We should be planning our transportation system as if the planet mattered
In the time that I’ve lived near the lake in Rogers Park, it’s always struck me as perverse that there are rows of free storage for cars, empty metal boxes, alongside it. I often wonder if my neighbors make the connection between their transportation choices and the soil erosion on the lakefront, among other climate change effects. Transportation is the number one source of emissions in Chicago and the United States. Specifically, more than half of Illinois’ transportation related emissions are coming from Cook, DuPage, Kendall, Will, Kane, McHenry, and Lake county according to the Chicago Metropolitan Agency for Planning. Chicago and its surrounding areas do not have to wait for the state to take action in order to before taking more serious steps to address climate change.
This summer I read that the city of Vancouver changed their deadline for achieving two-thirds of all trips in the city by walking, biking, and public transit to 2030 instead of 2040. I felt a mix of emotions while reading this: hopeful because some cities are realizing just how quickly we need to act to mitigate climate change, and also angry that the city of Chicago and the state of Illinois are not pursuing similar targets around sustainable transportation.
Most of the conversation elected officials are having around climate change in Chicago and Illinois is focused around clean energy. Clean energy is a great goal but if the majority of residents of Illinois residents continue to use single passenger vehicles to move around it clean energy won’t make much of a dent in reducing our emissions. Additionally, I have not read anything regarding penalties for city or state agencies for not reducing emissions. It will be us who will pay the consequences: extreme weather events, reduced viability of farmland for our food, worse air quality, loss of animal diversity, etc.
Curious about what the state of Illinois has its website about the subject, I went to the “Climate Change in Illinois” page and did not see transportation listed as a sector where the state is committed to taking action when it comes to climate change. We are headed in the opposite direction of reducing transportation related emissions by expanding highways and funnelling the majority of transportation funds into car-centric infrastructure. The Illinois Department of Transportation estimates that since 2015, annual vehicle miles traveled in Chicago have increased 5 percent.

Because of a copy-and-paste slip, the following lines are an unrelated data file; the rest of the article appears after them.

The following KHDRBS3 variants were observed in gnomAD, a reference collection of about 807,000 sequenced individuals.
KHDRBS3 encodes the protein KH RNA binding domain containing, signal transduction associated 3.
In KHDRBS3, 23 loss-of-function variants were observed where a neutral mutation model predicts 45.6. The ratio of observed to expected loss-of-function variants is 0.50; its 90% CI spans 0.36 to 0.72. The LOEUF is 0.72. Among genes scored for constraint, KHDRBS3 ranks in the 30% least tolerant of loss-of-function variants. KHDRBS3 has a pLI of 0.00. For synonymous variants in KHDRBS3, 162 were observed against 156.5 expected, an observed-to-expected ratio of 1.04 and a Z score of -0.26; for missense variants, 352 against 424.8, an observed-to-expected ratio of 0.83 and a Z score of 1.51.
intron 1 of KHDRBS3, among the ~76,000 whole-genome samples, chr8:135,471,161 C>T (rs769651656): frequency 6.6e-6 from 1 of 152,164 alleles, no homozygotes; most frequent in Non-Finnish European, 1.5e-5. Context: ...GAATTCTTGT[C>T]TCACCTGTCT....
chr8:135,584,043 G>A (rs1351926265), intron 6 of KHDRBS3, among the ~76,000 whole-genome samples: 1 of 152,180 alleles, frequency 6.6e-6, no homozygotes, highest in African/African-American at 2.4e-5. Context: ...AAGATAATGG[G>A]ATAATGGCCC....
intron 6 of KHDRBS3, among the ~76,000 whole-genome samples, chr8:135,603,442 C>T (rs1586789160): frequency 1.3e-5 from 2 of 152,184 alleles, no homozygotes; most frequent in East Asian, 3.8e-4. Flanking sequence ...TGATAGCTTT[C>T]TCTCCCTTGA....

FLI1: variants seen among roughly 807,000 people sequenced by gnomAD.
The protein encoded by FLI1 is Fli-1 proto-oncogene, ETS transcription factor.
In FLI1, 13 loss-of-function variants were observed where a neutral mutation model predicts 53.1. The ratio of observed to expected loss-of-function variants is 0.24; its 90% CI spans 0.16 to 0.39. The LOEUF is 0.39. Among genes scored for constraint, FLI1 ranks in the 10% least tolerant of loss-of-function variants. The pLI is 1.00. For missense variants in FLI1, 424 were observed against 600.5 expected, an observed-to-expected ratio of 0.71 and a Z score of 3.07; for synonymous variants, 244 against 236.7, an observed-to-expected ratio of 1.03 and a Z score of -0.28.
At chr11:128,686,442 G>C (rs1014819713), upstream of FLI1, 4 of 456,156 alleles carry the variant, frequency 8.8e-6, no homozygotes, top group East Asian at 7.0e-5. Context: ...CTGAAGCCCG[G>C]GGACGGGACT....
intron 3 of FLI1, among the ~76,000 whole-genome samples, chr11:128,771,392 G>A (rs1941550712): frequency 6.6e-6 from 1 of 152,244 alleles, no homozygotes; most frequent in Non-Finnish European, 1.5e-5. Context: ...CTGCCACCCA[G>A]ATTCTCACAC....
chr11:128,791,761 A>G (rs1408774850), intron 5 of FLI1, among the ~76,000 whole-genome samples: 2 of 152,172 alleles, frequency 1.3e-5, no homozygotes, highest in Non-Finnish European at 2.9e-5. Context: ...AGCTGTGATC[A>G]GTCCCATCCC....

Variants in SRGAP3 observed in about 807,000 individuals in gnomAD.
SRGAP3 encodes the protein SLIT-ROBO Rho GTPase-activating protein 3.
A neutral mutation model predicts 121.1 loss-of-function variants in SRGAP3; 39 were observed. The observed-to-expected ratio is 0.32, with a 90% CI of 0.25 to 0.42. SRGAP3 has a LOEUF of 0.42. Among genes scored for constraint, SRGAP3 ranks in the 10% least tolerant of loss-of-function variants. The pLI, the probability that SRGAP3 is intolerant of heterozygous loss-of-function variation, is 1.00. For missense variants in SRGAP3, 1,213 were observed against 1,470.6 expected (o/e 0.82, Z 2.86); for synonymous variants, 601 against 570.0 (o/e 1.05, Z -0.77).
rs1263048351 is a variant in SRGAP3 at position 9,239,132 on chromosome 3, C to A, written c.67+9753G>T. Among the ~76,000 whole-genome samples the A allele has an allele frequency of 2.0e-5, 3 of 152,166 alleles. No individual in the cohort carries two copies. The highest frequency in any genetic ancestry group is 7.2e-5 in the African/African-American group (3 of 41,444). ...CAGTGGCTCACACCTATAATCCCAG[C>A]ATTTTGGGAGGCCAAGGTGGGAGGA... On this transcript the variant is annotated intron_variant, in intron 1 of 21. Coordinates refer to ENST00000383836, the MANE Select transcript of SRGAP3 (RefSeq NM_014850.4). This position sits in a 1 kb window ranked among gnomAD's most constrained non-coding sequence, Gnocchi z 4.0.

Despite California’s image as a very car-centric place, the state is committed to reducing its transportation-related emissions. While California is not meeting their transportation-related climate action goals, it actually has climate action goals and is actively pursuing meeting them, albeit imperfectly. Of course it’s not perfect but California offers a model for Illinois and other states to follow regarding climate action.
Out of curiosity I searched out IDOT’s website to find a mission statement or something similar. I was struck by their stated goal to ensure that destinations are reached “in the safest, quickest, easiest, and most comfortable and cost-effective manner.” As evidenced by three agency’s past roadblocking of protected bike lanes and lack of vision regarding bus-only lanes on state controlled roads, safe, quick, and easy travel via sustainable modes does not seem to be a priority for the department. What would a state, city, and county transportation system look like if it was designed with climate change in mind?
The city of Chicago and the Chicagoland region can do more to promote and fund sustainable transportation. A few ideas:
- Gradually begin to equitably charge for residential on-street parking. Charge more for SUVs and trucks since they take up more space on city streets and present an increased danger for people on foot and bike.
- Inform residents in advance that residential parking will no longer be free for car owners and that in a certain amount of years they will have to pay to park on city streets. In the transition period, the city can begin to beef up transit service, namely through increasing bus frequency and creating more bus-only lanes to increase bus speeds and reliability. The city could start to charge for street parking in neighborhoods where there is a high number of transit options and gradually move on to neighborhoods with less transit access.
- Implement a climate tax on city stickers for SUVs and trucks.
- Implement a weight-based sales tax for vehicles sold within Cook County.
- Increase gas taxes within Cook County. Bordering counties are free to do the same in order to better fund Metra and Pace. Strategies can be developed to ensure that the tax does not burden low-income residents.
- Once we appoint a progressive commissioner for CDOT, they can lobby IDOT to create bus-only lanes. Sheridan Road north of Lake Shore Drive, for example, is IDOT-controlled. We could have a bus-only lane active during rush hour and perhaps mid-day based on current and projected ridership.
- Implement downtown congestion pricing with funds going towards sustainable transportation.
- Encourage interagency cooperation between Chicagoland transit agencies.
- Match transit funding to climate goals. For example, if Illinois set a goal to reduce vehicle miles traveled by 40 percent by 2030, 40 percent of the state’s transportation budget should support public transit and biking.
- The city of Chicago should create a goal for 80 percent of Chicagoans to live within a 10-minute walk of a high-frequency and speedy bus line.
- The CTA should create a rider’s union, an organization made up of riders that can hold the agency accountable for improving service.
- Create a city-wide network of barrier-protected bike lanes.
What would you want to see the city, county, or state do to align our transportation system with the realities of climate change? Let us know in the comments.